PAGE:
In the Texas Hill Country there is a shrubby tree known locally (and incorrectly) as the "Texas Mountain Laurel." While the taxonomy of this small tree is not the topic of this post, suffice it to say that it is not a member of the Laurel family nor is it restricted to mountainous areas. It does favor predominantly calcareous soils, which the Hill Country, with its thick strata of limestone bedrock, provides in abundance.
For most of the year Sopophora texana is an attractive but otherwise unremarkable element of the native flora, its shiny, dark evergreen leaves being its most compelling feature. In late winter or early spring, however, it is one of the earliest-blooming native trees, a true harbinger of pleasant times. Its clusters of purple blossoms resemble those of the introduced Wisterias but are much darker.
A legume, the blossoms of the Texas Mountain Laurel result, weeks later, in a brownish-colored pod about 5-6 inches in length. Splitting open the pod reveals a number of the most surprisingly scarlet-colored beans, the so-called "mescal bean."
An alternate, less attractive, and equally erroneous name for this tree is the "Mescal Bean." Now as any devotee of Mexican fermented beverages will quickly note, true mescal is derived from the fermented hearts of several different varieties of agave known locally as magueys. The bean of the Mountain Laurel, however, contains several allegedly potent alkaloid compounds, which when taken orally can result in either a state of intoxication resembling overindulgence in mescal, or, in the worst case scenario, death.
Even in urban portions of San Antonio, which straddles the Balcones Fault (and thus is technically half on the Edwards Plateau), it is possible to find "Mountain Laurels." A favorite area of mine was Olmos and Contour Drives in the Olmos Park suburb, sinuous streets that are lined by great numbers of Mountain Laurels, many perhaps native some perhaps introduced.
The real charm of this plant, for me, has always lain in the olfactory arena. Where the trees are abundant, the flowers produce a sweet, cloying scent that is literally capable of filling a Hill Country canyon with its fragrance. The dreamy, sensuous euphoria this perfume could induce in me during long-ago springtime forays was almost atavistic. It is, or was, a fragrance that I associated with my wastrel youth. As likely as not this would involve ditching an afternoon lab class to wander through some Hill Country canyon, absorbing the natural wonders of the place and especially that fabulous, mysterious scent. Even years later, a faint whiff of "Mountain Laurel" blossoms could transport me back to that wondrous time of life.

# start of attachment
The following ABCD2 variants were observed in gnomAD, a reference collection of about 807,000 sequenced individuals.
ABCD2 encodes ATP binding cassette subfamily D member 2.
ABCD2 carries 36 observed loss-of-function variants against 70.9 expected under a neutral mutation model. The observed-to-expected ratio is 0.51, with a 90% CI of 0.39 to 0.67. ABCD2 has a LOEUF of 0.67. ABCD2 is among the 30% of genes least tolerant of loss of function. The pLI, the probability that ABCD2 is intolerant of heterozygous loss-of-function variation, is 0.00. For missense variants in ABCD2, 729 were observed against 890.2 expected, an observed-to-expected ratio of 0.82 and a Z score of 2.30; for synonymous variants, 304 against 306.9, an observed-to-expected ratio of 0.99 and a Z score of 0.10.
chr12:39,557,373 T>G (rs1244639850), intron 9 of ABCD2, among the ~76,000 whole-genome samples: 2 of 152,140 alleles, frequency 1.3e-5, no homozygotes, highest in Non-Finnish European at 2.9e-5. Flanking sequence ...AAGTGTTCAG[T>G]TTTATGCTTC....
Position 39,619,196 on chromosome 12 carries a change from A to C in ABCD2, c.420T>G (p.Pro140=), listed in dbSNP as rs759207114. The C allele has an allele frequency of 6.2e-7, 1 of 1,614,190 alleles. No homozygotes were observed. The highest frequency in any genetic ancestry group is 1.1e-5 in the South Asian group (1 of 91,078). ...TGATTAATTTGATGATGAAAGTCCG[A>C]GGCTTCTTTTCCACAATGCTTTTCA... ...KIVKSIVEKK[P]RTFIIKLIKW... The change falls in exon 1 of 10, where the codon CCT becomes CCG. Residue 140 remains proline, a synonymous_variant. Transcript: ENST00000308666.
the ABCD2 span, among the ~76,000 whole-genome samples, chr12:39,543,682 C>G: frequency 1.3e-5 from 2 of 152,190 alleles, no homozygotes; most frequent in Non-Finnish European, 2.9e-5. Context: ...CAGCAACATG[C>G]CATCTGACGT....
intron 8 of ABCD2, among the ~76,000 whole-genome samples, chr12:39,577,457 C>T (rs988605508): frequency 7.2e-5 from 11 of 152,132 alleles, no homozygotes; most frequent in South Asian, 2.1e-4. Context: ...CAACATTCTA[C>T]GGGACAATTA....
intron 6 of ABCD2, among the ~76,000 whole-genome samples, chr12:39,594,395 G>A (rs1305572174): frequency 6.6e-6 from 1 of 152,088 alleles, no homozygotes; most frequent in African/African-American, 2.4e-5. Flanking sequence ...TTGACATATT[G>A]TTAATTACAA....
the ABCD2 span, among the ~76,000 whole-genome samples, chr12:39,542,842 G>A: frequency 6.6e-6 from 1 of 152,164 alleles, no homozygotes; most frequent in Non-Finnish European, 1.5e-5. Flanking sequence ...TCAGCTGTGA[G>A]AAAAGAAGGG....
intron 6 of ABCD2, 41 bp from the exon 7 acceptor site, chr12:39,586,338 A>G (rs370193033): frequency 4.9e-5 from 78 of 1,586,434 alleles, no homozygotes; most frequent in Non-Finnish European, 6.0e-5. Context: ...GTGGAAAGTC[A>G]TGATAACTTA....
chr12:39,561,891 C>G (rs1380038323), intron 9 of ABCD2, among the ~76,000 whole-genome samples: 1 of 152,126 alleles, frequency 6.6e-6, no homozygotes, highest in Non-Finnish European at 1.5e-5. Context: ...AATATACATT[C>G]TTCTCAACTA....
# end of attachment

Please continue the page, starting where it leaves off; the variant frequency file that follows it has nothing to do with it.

It still does, to some extent, but much of the mystery has vanished. Several springs ago, Sara and I were walking back to the vehicle after having hiked the Sabinal River trail at Lost Maples State Park. We had just seen a beautiful male Golden-cheeked Warbler that must have arrived only a few days earlier. Passing through a grove of "Mountain Laurels" along the trail, I reached out and plucked one of the purple blossoms and inhaled deeply from it. Passing it to Sara, she did likewise, then commented, matter-of-factly, "Grape Soda."
"What?!" I said, as if she had uttered a non sequitur.
"Grape Soda," she repeated slowly, patiently. "Mountain Laurels smell like Grape Soda. You've never noticed?"
I hadn't! But suddenly, in the more analytical portion of my mind, it made sense. Esters! Of course! Even though I have spent most of my professional life as a high school chemistry teacher, having conducted laboratories that produced similar esters, I had failed to make the connection.
Esters are an engaging group of organic chemical compounds, many of which are responsible for the pleasant smells we encounter in everyday life (as well as a few not-so-pleasant). Sara's olfactory sense had instantly isolated the active ingredient in the long mysterious "Mountain Laurel" fragrance. Indeed, it could be this very ester, produced in the laboratory and added to sugar and the other ingredients that give grape flavoring to most powdered or soft drinks. When you see the words "artificial flavoring added" on a container, they're talking esters! Grape Soda, which contains nothing derived from actual grapes, manages to taste more grape-like than even real grapes (or so we've been programmed)!